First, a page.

Above is a paper banknote from the Ming Dynasty of China, perhaps the first use of paper money.
Here is the story behind it, and notice how the more things change, the more they stay the same. Take notice, Ben Bernanke.
Chinese Ming banknote, China, AD 1375
After seizing power from the Mongol rulers of China in 1368, the rulers of the Ming dynasty tried to reinstate bronze coins. However, there was not enough metal available for this, and paper money, made of mulberry bark, was produced.
These banknotes continued to be issued by the Board of Revenue throughout the Ming dynasty, but inflation quickly eroded their value. The effect of inflation was so devastating that state-issued banknotes were regarded with suspicion for many years.
It was not until the 1850s that a Chinese emperor dared to issue banknotes again.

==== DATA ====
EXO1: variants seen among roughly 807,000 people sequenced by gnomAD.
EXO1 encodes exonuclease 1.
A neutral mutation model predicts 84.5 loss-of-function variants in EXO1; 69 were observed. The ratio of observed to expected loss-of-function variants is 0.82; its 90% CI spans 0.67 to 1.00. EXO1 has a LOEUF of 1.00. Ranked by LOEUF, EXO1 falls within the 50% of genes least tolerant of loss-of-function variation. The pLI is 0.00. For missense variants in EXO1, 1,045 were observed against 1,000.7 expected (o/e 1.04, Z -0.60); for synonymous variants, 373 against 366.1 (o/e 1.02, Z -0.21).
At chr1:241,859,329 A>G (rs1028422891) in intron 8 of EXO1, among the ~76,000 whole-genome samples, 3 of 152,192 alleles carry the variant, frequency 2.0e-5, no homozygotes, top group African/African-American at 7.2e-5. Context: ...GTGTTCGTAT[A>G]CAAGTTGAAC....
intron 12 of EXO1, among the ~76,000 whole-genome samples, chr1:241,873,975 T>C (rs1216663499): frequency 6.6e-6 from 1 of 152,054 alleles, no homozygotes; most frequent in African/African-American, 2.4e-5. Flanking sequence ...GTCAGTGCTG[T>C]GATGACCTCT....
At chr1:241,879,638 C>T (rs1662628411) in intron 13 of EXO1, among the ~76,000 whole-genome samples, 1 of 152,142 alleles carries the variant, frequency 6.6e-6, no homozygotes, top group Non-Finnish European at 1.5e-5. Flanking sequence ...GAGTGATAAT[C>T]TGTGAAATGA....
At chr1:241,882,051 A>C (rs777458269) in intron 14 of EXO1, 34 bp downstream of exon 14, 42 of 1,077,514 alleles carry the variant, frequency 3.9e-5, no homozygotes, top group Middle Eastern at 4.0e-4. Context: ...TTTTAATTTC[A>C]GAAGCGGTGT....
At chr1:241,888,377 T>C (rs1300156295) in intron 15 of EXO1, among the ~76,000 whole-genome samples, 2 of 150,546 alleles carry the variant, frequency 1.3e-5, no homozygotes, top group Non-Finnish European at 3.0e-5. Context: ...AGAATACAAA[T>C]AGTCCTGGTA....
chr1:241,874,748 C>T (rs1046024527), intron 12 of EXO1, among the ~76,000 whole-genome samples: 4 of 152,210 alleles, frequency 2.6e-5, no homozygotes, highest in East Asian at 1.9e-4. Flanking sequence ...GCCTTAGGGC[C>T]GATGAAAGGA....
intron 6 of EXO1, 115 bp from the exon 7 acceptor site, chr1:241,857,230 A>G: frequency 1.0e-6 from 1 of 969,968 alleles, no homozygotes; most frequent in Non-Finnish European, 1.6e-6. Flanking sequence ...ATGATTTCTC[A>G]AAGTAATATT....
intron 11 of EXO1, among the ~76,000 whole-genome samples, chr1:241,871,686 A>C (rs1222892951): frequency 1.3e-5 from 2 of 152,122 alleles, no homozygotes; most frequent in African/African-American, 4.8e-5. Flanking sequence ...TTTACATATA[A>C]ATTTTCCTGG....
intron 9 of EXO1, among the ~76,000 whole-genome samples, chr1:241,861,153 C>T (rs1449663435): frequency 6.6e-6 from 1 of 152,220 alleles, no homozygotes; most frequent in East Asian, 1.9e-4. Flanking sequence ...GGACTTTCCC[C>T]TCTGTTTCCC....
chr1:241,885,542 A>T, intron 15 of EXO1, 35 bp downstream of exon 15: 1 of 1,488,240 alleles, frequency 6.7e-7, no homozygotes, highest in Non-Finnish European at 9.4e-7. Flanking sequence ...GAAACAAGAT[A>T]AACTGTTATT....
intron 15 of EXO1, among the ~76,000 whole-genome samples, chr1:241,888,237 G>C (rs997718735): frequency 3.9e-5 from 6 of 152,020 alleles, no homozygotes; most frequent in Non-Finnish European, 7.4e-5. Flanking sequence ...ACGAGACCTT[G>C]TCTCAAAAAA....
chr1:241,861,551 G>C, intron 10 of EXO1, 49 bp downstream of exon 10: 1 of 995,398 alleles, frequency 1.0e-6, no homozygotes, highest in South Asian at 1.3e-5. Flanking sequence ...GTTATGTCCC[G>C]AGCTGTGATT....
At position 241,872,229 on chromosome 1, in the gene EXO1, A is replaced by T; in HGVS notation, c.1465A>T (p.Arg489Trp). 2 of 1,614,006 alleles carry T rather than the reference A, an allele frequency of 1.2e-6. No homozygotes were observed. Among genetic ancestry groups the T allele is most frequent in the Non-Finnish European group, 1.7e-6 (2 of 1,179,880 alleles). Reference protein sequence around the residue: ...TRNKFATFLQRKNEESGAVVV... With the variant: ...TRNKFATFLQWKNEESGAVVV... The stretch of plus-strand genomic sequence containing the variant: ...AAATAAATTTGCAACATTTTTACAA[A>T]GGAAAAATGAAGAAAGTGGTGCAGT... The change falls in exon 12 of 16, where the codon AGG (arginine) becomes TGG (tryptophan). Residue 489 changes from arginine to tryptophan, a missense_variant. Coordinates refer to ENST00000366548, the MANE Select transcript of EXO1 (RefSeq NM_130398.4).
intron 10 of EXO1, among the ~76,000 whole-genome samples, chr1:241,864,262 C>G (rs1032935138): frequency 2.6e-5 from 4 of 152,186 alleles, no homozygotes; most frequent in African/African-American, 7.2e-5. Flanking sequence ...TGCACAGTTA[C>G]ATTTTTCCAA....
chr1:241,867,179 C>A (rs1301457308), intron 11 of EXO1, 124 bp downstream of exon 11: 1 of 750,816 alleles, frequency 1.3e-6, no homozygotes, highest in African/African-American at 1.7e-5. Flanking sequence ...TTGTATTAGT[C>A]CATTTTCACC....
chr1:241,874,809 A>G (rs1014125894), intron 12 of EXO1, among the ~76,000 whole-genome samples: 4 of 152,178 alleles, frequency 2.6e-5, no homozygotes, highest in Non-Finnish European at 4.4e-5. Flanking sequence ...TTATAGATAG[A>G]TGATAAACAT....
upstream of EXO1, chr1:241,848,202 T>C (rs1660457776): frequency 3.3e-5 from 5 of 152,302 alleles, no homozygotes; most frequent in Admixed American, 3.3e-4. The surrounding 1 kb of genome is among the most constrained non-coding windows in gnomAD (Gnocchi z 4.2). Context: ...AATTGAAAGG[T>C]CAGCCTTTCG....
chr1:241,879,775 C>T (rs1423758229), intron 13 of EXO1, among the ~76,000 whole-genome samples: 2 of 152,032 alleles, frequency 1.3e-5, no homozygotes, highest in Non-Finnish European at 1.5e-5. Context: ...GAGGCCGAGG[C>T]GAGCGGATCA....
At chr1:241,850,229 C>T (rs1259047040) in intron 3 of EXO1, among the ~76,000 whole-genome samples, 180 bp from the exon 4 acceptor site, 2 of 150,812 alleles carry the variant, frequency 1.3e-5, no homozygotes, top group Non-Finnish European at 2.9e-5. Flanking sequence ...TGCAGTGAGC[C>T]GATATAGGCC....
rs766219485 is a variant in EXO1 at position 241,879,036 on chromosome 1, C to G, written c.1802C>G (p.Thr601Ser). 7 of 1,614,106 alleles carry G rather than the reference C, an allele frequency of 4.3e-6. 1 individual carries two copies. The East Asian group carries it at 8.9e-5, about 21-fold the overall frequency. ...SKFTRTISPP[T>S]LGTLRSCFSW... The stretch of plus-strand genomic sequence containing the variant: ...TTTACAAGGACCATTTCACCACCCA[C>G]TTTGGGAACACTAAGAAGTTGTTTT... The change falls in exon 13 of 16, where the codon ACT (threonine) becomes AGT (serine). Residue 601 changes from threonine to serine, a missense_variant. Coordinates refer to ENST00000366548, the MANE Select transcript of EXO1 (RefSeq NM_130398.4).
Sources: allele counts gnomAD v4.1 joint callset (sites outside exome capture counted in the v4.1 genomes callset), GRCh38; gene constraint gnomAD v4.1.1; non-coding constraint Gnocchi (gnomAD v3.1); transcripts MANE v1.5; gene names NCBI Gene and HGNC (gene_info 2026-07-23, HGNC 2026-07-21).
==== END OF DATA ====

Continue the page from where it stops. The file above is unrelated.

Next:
The Chinese writing along the top of this note reads (from right to left): ‘Da Ming tong xing bao chao’ and translates as Great Ming Circulating Treasure Note’. Below this, the denomination is written in two characters ‘yi guan’ (one string) above a picture of a string of 1000 bronze coins, arranged in ten groups of 100 coins.
The long inscription beneath gives instructions for use and a warning that forgers will be punished severely. Dragons, symbolic of the emperor, fill the patterned border.
The date on Ming dynasty banknotes usually refers to the Hongwu reign period (1368-1398) of the first emperor of the Ming dynasty, Zhu Yuanzhang (also known as Ming Taizu). A national hero, he had risen from a peasant background to lead a successful rebellion against the Mongols, and establish the new Ming dynasty.